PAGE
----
Effective May 1, 2014, the Canada Mortgage and Housing Corporation (CMHC) will increase its mortgage default insurance premiums. The news was released this morning, following the annual review of CMHC’s insurance products and capital requirements, and the increases to premiums are a direct reflection of CMHC’s increased capital targets.
Mortgage default insurance, which is mandatory in Canada for all high-ratio mortgages – those with down payments of between 5 and 19.99% – protects lenders, should borrowers ever default on their mortgage loans. The premium is a small percentage of your mortgage amount, which is then added back to your mortgage and paid off over the life of the loan.
This video explains how CMHC insurance is calculated:
On May 1st, the premiums we outlined in that video will go up, by approximately 15% on average, for all loan-to-value ranges. These increases will apply to new owner-occupied mortgages, self-employed mortgages and 1-4 unit investment property mortgages, and will not apply to mortgages that are currently insured by CMHC.
Some of the new premiums may look like a drastic increase, at first, but “for the average Canadian homebuyer requiring CMHC insured financing, the higher premium will result in an increase of approximately $5 to their monthly mortgage payment,” CMHC’s news release reported. “This is not expected to have a material impact on the housing market.”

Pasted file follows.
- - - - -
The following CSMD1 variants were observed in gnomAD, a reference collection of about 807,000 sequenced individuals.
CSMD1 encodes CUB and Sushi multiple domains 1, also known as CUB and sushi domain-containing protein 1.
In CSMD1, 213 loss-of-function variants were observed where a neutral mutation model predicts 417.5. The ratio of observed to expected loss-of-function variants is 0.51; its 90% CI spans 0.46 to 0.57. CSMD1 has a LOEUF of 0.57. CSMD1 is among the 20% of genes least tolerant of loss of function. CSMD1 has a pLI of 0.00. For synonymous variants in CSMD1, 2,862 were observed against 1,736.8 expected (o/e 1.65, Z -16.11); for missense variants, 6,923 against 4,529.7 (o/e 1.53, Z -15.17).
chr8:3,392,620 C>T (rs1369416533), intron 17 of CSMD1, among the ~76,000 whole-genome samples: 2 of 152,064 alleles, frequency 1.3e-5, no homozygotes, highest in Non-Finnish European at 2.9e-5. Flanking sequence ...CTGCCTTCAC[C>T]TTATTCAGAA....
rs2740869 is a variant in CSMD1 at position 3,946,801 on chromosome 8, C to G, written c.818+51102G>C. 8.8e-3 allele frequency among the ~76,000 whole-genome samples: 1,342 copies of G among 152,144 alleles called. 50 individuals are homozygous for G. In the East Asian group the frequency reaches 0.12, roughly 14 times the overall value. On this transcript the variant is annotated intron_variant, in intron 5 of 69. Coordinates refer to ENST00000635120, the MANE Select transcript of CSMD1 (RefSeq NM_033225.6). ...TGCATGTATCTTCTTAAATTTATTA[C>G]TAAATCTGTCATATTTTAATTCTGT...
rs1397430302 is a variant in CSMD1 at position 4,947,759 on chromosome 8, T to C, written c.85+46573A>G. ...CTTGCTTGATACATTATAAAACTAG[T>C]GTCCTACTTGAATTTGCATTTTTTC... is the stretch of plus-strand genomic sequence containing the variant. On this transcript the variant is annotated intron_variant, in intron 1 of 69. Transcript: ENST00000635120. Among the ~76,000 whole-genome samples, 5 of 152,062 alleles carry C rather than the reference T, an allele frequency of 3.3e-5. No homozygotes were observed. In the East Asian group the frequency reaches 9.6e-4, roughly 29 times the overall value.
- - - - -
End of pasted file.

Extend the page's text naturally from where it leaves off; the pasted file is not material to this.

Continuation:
For example, let’s say that today you bought a home with only 5% down, after which you needed to take on a $350,000 mortgage. Because you’re putting down between 5 and 9.99% of the asking price, your CMHC insurance premium would be:
$350,000 x 2.75% = $9,625
If you waited until after May 1st to purchase that same home, and still put down only 5%, your new CMHC insurance premium would go up to:
$350,000 x 3.15% = $11,025
With the new CMHC insurance rate, your premium would increase by $1,400 ($11,025 – $9,625), which would be added to your mortgage and paid off over the life of the loan. If you took out a 5-year fixed term at 3.49%, amortized over 25 years, your monthly mortgage payment would only increase by $6.991.
Even though mortgage default insurance costs homebuyers an additional percentage of their mortgage amount, it’s actually beneficial to the buyer market. Without mortgage default insurance, lenders would increase mortgage rates, because the risk of default would increase. Lenders are able to offer lower mortgage rates when loans are protected by mortgage default insurance, because the risk of default is spread across multiple homebuyers.
Going forward, CMHC says it will review their premiums on an annual basis, and plan to announce decisions on premiums in the first quarter of each year.